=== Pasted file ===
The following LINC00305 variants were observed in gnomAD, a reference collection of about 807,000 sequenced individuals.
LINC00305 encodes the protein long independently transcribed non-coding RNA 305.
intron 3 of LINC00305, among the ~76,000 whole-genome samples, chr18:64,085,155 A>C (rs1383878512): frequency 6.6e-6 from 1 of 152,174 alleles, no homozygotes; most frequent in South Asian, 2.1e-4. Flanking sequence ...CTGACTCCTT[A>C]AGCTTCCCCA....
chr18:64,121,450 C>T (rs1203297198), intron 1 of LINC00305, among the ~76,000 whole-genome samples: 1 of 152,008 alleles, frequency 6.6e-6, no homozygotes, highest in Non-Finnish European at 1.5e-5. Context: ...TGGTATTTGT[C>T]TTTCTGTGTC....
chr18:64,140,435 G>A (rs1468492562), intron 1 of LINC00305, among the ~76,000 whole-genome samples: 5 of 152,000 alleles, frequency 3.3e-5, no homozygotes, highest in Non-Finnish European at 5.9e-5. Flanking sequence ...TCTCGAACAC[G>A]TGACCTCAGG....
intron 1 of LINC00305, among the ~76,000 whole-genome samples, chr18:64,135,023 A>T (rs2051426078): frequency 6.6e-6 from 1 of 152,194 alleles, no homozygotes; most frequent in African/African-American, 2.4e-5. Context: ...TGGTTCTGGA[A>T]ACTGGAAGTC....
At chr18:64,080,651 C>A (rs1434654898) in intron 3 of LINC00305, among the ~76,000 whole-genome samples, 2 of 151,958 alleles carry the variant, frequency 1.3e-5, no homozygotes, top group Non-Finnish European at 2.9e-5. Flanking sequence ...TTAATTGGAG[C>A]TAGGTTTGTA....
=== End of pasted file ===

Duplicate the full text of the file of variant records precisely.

The following LINC00305 variants were observed in gnomAD, a reference collection of about 807,000 sequenced individuals.
LINC00305 encodes the protein long independently transcribed non-coding RNA 305.
intron 3 of LINC00305, among the ~76,000 whole-genome samples, chr18:64,085,155 A>C (rs1383878512): frequency 6.6e-6 from 1 of 152,174 alleles, no homozygotes; most frequent in South Asian, 2.1e-4. Flanking sequence ...CTGACTCCTT[A>C]AGCTTCCCCA....
chr18:64,121,450 C>T (rs1203297198), intron 1 of LINC00305, among the ~76,000 whole-genome samples: 1 of 152,008 alleles, frequency 6.6e-6, no homozygotes, highest in Non-Finnish European at 1.5e-5. Context: ...TGGTATTTGT[C>T]TTTCTGTGTC....
chr18:64,140,435 G>A (rs1468492562), intron 1 of LINC00305, among the ~76,000 whole-genome samples: 5 of 152,000 alleles, frequency 3.3e-5, no homozygotes, highest in Non-Finnish European at 5.9e-5. Flanking sequence ...TCTCGAACAC[G>A]TGACCTCAGG....
intron 1 of LINC00305, among the ~76,000 whole-genome samples, chr18:64,135,023 A>T (rs2051426078): frequency 6.6e-6 from 1 of 152,194 alleles, no homozygotes; most frequent in African/African-American, 2.4e-5. Context: ...TGGTTCTGGA[A>T]ACTGGAAGTC....
At chr18:64,080,651 C>A (rs1434654898) in intron 3 of LINC00305, among the ~76,000 whole-genome samples, 2 of 151,958 alleles carry the variant, frequency 1.3e-5, no homozygotes, top group Non-Finnish European at 2.9e-5. Flanking sequence ...TTAATTGGAG[C>A]TAGGTTTGTA....